Crystal: CPU: i7 7700K | Motherboard: Asus ROG Strix Z270F | RAM: GSkill 16 GB@3200MHz | GPU: Nvidia GTX 1080 Ti FE | Case: Corsair Crystal 570X (black) | Storage: 250 GB Crucial BX100 SSD + 2 TB Seagate HDD + 1TB WD Green + 3TB WD Red | PSU: EVGA Supernova G2 1000W | Monitor: Asus VG248QE 24"

Laptop: Dell XPS 13 9360 | CPU: i5 7200U | RAM: 8 GB

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2 hours ago, tikker said:

This still holds. For stuff like absorption and reflection the size of the object compared to the wavelength matters. Low frequencies have long wavelengths so you need big objects to absorb or scatter them. There just are some details you touch on next.

The other part you mention here and what may be OPs problem is that because of the placement, reflections from the walls and such create peaks and throughs in sound level. Perhaps a such a trough now coincides with the listening position, creating a lesser experience there. This you can try to fix by adding more subs or changing the position

The specific example was a dance party in a basement.  Adding more subs was necessary. It turned out the metal ductwork was absorbing it.  After the additional sub it worked again, but you could literally see the metal move.


Life is like a bowl of chocolates: there are all these little crinkly paper cups everywhere.

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I'm not super big on sound wave placement, but if it were me I'd pull the sofa closer the TV and free up some space around the bed. I'd also ceiling mount the surrounds closer to the sofa. Most media sources are based on the ITU standard which gives you a pretty good feel for sound placement. I made a ~6'/2m radius around my desk with my seating position in the middle following the ITU standard. The sound placement is spot on. The frequency response most assuredly isn't flat, but it's not going to be any worse than it is now.

 

Trying to room treat a room for surround sound (or even stereo) just seems like a complicated mess of bullshittery and "good 'nuff." My buddy has a music studio that he tried doing calculations and room treatment for stereo, but after he just bought a Sonarworks Reference 4 it now actually has a flat response and the room treatment requirement drastically decreased (stayed the same with foam panels in key areas) and his music mixes suddenly got a lot better. The bitch is there's apparently just not actually a calibration tool for surround. You can try hacking the Reference 4 by calibrating it in stereo pairs and putting the EQ output into PEACE or the receivers limited built in EQ.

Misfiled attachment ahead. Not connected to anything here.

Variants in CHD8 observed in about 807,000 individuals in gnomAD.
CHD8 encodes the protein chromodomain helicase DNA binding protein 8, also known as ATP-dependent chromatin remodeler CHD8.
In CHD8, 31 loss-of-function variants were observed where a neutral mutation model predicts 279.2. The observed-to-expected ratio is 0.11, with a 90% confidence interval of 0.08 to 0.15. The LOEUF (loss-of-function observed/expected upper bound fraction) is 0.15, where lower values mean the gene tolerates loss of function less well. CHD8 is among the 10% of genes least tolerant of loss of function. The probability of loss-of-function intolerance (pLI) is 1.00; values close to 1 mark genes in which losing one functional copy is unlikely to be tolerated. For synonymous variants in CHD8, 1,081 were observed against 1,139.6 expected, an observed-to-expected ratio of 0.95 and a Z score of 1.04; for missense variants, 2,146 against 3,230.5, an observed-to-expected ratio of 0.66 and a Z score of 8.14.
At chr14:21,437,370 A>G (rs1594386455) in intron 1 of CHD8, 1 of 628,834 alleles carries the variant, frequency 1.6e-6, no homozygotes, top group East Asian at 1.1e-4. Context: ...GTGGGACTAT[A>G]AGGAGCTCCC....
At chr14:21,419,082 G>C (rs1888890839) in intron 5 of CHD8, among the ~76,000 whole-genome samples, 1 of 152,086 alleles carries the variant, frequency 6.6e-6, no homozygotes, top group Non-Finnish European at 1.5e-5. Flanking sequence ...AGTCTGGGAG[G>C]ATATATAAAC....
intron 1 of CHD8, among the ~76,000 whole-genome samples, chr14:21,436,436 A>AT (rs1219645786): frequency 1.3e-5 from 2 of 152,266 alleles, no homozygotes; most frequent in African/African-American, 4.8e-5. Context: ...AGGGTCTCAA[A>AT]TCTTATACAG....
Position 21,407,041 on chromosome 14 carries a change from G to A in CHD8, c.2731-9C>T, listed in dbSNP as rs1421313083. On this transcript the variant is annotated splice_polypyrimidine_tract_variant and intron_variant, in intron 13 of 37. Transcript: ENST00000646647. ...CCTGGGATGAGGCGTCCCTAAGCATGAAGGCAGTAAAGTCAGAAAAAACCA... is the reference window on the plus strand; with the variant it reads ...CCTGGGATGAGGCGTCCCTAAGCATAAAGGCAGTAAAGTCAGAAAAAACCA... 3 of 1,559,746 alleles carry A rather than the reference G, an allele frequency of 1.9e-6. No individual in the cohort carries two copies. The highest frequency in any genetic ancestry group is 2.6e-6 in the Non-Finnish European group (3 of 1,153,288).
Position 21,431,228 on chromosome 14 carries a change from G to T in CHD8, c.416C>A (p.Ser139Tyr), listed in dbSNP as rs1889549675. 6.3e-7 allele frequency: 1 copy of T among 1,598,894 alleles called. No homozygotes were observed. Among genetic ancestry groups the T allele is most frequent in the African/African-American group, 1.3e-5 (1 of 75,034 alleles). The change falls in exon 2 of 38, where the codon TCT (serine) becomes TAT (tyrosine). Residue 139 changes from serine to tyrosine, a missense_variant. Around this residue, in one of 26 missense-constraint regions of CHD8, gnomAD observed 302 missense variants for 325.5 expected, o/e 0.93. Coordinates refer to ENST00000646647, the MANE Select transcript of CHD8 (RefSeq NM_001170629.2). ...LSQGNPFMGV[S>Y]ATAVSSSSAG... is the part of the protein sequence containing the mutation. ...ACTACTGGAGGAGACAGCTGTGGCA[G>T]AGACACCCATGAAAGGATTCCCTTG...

#Muricaparrotgang

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Im not 100% sure by what you mean with cinema sound as most cinemas have multiple subs for a reason. 

Like one person said subs in a small room have peaks and troughs so that means theres loud spots and quite spots in the room. Play a constant noise and walk around and if its louder if one spot then move the sub a bit. Normaly the zones are no bigger then your head so the left side of the sofa may be quiter then the right side.

But if you just want a louder low frequencies. One trick is that low frequencies bounce off walls and are addictive when the source is close enough to the wall (distance to the wall has to be less then 1/4 of a wave length same as if merging to subs together). Off the top of my head its called the greenhouse effect
Long story short. For every surface near a subwoof you they get loud (sorry i cant remember the amount i think its 6dB per surface). So youve already got the floor. Put it up against the wall thats two surfaces. in the corner of your room thats three. Hello desk is that 4 surfaces. If my memory is remembering correctly thats a increase of around 24dB by just sticking the sub under your desk in the corner of the room. (that number increase doesnt sound right and i cant find the paper on it due to global warming but which ever way more walls more loud)


Another trick is just be closer to the sub. Every time you double the distance from your speaker you lose 3dB. So if that sub is 90dB at 1m by the time it reaches you its around 88.5ish dB

Another thought is install a bass shaker to the sofa. That will give you a real what for.

My final idea is turn the bass up in the settings or the amp or what ever you have.


Here to educated the audio board on their bad choices.